The Myth of the Book Store Signing

Yes, I know it’s Friday. Hush. I got spoiled, so I’m passing it on. LOL.

Every author has, at one point, had the same daydream. The one where you’re doing a signing at a major bookstore. There you sit, at a small table, looking sharp and having a line of people chatting with you. Some have waited hours to meet you, out in the cold.

It’s a myth. It’s not going to happen for several years, possibly decades. Don’t ever kid yourself that it’s going to happen two weeks after you release your first book if you don’t already have a few important things.

1. Name recognition: are you a celebrity? Does your photo grace the cover of a tabloid? Are you a candidate for political office? Did you just win an Oscar, Emmy, or Grammy? Get out of prison after serving time for a crime you didn’t commit? Escape from a life of captivity? Is your book the basis for a major motion picture? Do you already have an established reader base of several thousand loyal fans who buy your book three seconds after it becomes available?

2. Connections: do you know the manager at the store? Are you with an agent? Did you hire a publicist? Is your publishing house really big and have a dedicated marketing department?

First time authors, new authors, people whose books are still being found by readers are NOT going to get that signing event. Why? Because bookstores want to host authors who are going to bring in customers. Ones that will browse, and buy, while they wait for you. The ones who will spend $100 between coffee and books so they have something to read or sip while they listen to you/wait their turn.

They want authors who will bring in readers. Period.

It’s not that they don’t encourage new authors. Heck, we’re the backbone of their business. Without new authors and new stories, there wouldn’t be new bookstores, just used ones. But, at the end of the day, they want to make money. And they’re not going to do that by hosting an author no one’s heard about.

Don’t think of it as a lost dream. See it as a goal. One that you’re going to have to work towards, spend hours cultivating a readership who will start laying the groundwork FOR you. Because they’re going to go into a store and ask about your titles. They’re going to create a buzz, get managers to start noticing they’re getting multiple requests for a single title/author.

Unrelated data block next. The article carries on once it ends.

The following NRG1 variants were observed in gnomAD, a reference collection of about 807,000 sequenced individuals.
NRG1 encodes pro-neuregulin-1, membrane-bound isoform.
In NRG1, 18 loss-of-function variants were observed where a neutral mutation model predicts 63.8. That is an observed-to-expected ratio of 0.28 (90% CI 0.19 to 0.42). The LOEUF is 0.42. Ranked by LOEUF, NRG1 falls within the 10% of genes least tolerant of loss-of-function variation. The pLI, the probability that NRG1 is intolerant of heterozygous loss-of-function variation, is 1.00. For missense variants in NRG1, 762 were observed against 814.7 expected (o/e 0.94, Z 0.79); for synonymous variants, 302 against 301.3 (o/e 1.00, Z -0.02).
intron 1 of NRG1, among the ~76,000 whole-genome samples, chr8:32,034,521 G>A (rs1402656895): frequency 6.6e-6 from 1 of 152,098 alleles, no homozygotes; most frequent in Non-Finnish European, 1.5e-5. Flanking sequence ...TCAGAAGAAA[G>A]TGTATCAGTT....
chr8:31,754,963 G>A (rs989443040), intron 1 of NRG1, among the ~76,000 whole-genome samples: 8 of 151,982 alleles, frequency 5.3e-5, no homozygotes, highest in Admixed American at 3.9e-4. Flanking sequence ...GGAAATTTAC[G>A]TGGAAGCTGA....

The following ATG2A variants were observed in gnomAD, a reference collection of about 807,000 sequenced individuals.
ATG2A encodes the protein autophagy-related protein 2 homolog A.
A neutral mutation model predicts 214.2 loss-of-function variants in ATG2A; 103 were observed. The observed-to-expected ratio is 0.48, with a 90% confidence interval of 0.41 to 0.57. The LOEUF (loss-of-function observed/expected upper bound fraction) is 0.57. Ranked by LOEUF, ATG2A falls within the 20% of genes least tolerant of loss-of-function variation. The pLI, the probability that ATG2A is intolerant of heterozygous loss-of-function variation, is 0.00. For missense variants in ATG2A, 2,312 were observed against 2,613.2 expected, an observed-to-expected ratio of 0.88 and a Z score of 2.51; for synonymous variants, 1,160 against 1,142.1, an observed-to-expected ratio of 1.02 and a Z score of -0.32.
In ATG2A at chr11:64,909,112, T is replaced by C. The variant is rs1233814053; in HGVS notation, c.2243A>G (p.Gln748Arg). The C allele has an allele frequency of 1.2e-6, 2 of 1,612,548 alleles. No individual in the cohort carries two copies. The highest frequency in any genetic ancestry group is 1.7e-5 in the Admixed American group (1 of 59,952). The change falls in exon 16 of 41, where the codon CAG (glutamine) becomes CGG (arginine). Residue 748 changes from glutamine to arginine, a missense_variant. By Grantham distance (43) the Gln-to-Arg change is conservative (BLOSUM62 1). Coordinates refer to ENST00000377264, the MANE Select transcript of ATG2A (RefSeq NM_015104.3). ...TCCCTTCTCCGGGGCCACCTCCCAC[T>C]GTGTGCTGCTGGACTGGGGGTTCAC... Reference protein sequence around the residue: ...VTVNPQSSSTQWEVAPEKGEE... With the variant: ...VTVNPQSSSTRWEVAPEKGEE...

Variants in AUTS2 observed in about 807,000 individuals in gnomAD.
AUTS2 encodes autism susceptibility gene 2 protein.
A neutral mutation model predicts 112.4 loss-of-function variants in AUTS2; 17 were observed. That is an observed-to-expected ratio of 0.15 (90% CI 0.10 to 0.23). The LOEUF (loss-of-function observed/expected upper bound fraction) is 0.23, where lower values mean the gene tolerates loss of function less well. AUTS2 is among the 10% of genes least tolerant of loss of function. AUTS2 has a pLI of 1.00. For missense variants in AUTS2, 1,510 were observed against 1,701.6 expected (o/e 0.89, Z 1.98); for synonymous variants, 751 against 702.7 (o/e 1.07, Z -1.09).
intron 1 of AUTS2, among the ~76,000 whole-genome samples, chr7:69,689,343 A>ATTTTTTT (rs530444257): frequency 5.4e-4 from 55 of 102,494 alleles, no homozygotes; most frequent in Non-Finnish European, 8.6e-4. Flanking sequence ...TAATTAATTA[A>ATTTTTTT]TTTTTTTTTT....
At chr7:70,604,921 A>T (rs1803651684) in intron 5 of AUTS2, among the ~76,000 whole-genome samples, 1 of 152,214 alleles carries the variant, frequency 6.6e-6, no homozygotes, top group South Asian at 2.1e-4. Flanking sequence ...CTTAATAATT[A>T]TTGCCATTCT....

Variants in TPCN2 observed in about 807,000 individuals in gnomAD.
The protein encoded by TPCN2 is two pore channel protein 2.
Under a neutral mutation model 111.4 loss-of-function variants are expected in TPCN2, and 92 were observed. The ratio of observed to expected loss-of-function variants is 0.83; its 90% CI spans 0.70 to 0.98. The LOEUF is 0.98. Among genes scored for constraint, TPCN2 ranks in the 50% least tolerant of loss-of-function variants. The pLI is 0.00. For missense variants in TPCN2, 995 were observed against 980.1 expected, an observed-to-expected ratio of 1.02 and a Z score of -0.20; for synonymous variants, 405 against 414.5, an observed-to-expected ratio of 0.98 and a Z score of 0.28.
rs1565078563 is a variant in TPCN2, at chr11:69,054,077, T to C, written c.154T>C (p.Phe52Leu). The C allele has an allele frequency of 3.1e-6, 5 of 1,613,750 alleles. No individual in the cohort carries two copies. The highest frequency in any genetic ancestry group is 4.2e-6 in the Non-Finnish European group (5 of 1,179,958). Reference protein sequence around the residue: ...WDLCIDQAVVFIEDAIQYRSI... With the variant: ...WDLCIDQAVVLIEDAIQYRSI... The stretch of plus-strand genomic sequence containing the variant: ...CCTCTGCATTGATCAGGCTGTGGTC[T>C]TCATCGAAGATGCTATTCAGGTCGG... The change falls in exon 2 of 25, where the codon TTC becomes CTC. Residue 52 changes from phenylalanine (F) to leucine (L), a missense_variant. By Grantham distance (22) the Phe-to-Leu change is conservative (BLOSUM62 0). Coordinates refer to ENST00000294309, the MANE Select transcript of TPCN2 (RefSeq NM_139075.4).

It takes time. Perseverance. It will not happen two weeks, two months, possibly even two years after your first title released.

So stop acting like it will and do the work instead of expecting it to be handed to you. Because you haven’t earned that line yet.

BB

14 thoughts on “The Myth of the Book Store Signing

      • You’re absolutely right. By that time I’ll be able to afford an app-operated trapdoor complete with stakes, zombies and a dragon. “How many copies did you buy?” “One.” Into the shoot you go. ๐Ÿ™‚

      • Nah, I’d just contemplate putting them into my next book so I could kill them in an interesting manner. There’s much to be said for eviscerating someone in fiction. Especially when they don’t realize it.

  1. Yes, my whole mindset changed about “book signings” when I saw a very sad one in person. Nothing more hype-destroying than seeing an author, lonely, at a table with her books… and no one walking over. Yeesh.

    • Brianna, a lot of how we see it is how we as authors perceive it. I had one last night. Sold three books, two to people I knew before the event. And I spent a lot of time simply smiling at people who walked by. It was, yes, lonely at times. But the moments when people did come chat with me made up for it, even if they didn’t buy my books. It’s about taking risks and connecting with at least one new reader, not how big the line is.

      • Well, I am maybe waaaaay too insecure for that. ๐Ÿ™‚ I’m glad you enjoyed yours. I guess it’s all in the attitude. It reminds me that I have a friend who worked at Walmart, and when I asked her if it irritated her when she found items stashed here and there that she had to put away… she said, “No! I love it! It’s like a little game… Look what I found in the cereal aisle! panties!”

      • I guess I do see it as a game of sorts! LOL. Can I lure them in with a smile and ‘hello’? Okay, now can I reel them into at least looking at the blurb on the back of one? But it’s less about sales and more about name recognition. Even the people who didn’t buy last night may be cruising Amazon one day, see one of my titles, and have it jog their memory.

  2. I was doing a book signing in a small bookshop in Carlisle, England. No queue but quite pleasing. Then two young women came in through the doorway and headed straight for me. Yay! As I readied my signing pen one of them looked past me and said, “Excuse, love, but you’re in the way of Spot the Dog.”

  3. Had one book signing that the store manager said was the best they’d ever had. Got pumped! The next one, didn’t sell one book! Kinda like playing golf… a really good shot will almost certainly be followed by enough bad ones to restore your humility. ๐Ÿ™‚

  4. One thing you can do is to bring in your amazon reviews. We don’t pay anyone amazoning to review our books, and that lends a lot of credence to our work.But make them easy and accessible to people–don’t have them fish through pages and pages. Choose the key phrases of your reviews for each title, put them in a nice format, and have them with each title.Reviews also make nice postcard promo material. I like to do the book cover as the front of the card, and on the back have the book blurb, teasers, and key phrase reviews, ending the postcard with an invitation to visit me at Cyn Ley on amazon.com. Even if they don’t buy your books then, give them a postcard with a smile and thank them for coming by.

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